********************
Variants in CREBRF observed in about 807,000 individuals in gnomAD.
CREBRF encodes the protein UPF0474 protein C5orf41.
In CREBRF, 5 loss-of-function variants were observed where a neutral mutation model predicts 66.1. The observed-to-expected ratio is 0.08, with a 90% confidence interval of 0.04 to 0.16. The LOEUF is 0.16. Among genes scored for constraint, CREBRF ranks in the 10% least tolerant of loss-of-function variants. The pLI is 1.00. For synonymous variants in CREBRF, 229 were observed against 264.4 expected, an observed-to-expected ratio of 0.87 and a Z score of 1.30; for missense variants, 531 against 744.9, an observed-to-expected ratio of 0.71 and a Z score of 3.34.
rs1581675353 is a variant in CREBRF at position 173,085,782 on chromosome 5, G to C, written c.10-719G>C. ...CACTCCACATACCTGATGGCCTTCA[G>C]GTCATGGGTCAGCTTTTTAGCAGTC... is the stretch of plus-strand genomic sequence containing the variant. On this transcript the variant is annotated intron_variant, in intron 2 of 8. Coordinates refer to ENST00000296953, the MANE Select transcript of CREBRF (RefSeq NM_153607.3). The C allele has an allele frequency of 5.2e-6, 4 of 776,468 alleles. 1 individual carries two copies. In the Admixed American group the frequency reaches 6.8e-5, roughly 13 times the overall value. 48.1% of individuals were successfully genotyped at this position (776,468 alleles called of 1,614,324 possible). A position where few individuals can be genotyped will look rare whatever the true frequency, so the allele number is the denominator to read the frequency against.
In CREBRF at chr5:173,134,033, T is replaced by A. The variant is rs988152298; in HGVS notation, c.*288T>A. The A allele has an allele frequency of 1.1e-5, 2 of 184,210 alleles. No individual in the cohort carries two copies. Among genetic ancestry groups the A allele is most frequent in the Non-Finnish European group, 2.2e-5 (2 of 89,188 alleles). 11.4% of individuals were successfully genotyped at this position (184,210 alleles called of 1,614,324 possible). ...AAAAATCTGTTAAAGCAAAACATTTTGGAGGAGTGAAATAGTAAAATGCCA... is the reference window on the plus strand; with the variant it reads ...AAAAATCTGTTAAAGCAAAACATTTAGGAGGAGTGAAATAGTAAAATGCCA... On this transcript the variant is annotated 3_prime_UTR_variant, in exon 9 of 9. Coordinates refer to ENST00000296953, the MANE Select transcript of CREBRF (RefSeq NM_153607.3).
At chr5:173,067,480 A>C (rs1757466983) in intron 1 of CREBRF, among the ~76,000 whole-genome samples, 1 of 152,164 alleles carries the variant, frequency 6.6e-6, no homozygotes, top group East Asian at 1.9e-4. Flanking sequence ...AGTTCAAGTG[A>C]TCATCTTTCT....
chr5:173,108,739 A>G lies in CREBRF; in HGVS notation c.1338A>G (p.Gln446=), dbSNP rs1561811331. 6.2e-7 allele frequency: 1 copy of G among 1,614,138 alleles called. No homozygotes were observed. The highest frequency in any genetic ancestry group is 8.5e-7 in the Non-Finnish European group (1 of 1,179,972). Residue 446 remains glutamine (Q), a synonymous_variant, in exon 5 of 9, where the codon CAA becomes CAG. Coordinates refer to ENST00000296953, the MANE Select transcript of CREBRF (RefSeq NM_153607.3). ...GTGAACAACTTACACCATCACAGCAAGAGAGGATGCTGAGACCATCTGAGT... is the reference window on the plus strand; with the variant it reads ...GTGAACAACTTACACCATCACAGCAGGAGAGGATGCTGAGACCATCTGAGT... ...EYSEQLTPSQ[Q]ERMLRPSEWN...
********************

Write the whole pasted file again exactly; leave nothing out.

Variants in CREBRF observed in about 807,000 individuals in gnomAD.
CREBRF encodes the protein UPF0474 protein C5orf41.
In CREBRF, 5 loss-of-function variants were observed where a neutral mutation model predicts 66.1. The observed-to-expected ratio is 0.08, with a 90% confidence interval of 0.04 to 0.16. The LOEUF is 0.16. Among genes scored for constraint, CREBRF ranks in the 10% least tolerant of loss-of-function variants. The pLI is 1.00. For synonymous variants in CREBRF, 229 were observed against 264.4 expected, an observed-to-expected ratio of 0.87 and a Z score of 1.30; for missense variants, 531 against 744.9, an observed-to-expected ratio of 0.71 and a Z score of 3.34.
rs1581675353 is a variant in CREBRF at position 173,085,782 on chromosome 5, G to C, written c.10-719G>C. ...CACTCCACATACCTGATGGCCTTCA[G>C]GTCATGGGTCAGCTTTTTAGCAGTC... is the stretch of plus-strand genomic sequence containing the variant. On this transcript the variant is annotated intron_variant, in intron 2 of 8. Coordinates refer to ENST00000296953, the MANE Select transcript of CREBRF (RefSeq NM_153607.3). The C allele has an allele frequency of 5.2e-6, 4 of 776,468 alleles. 1 individual carries two copies. In the Admixed American group the frequency reaches 6.8e-5, roughly 13 times the overall value. 48.1% of individuals were successfully genotyped at this position (776,468 alleles called of 1,614,324 possible). A position where few individuals can be genotyped will look rare whatever the true frequency, so the allele number is the denominator to read the frequency against.
In CREBRF at chr5:173,134,033, T is replaced by A. The variant is rs988152298; in HGVS notation, c.*288T>A. The A allele has an allele frequency of 1.1e-5, 2 of 184,210 alleles. No individual in the cohort carries two copies. Among genetic ancestry groups the A allele is most frequent in the Non-Finnish European group, 2.2e-5 (2 of 89,188 alleles). 11.4% of individuals were successfully genotyped at this position (184,210 alleles called of 1,614,324 possible). ...AAAAATCTGTTAAAGCAAAACATTTTGGAGGAGTGAAATAGTAAAATGCCA... is the reference window on the plus strand; with the variant it reads ...AAAAATCTGTTAAAGCAAAACATTTAGGAGGAGTGAAATAGTAAAATGCCA... On this transcript the variant is annotated 3_prime_UTR_variant, in exon 9 of 9. Coordinates refer to ENST00000296953, the MANE Select transcript of CREBRF (RefSeq NM_153607.3).
At chr5:173,067,480 A>C (rs1757466983) in intron 1 of CREBRF, among the ~76,000 whole-genome samples, 1 of 152,164 alleles carries the variant, frequency 6.6e-6, no homozygotes, top group East Asian at 1.9e-4. Flanking sequence ...AGTTCAAGTG[A>C]TCATCTTTCT....
chr5:173,108,739 A>G lies in CREBRF; in HGVS notation c.1338A>G (p.Gln446=), dbSNP rs1561811331. 6.2e-7 allele frequency: 1 copy of G among 1,614,138 alleles called. No homozygotes were observed. The highest frequency in any genetic ancestry group is 8.5e-7 in the Non-Finnish European group (1 of 1,179,972). Residue 446 remains glutamine (Q), a synonymous_variant, in exon 5 of 9, where the codon CAA becomes CAG. Coordinates refer to ENST00000296953, the MANE Select transcript of CREBRF (RefSeq NM_153607.3). ...GTGAACAACTTACACCATCACAGCAAGAGAGGATGCTGAGACCATCTGAGT... is the reference window on the plus strand; with the variant it reads ...GTGAACAACTTACACCATCACAGCAGGAGAGGATGCTGAGACCATCTGAGT... ...EYSEQLTPSQ[Q]ERMLRPSEWN...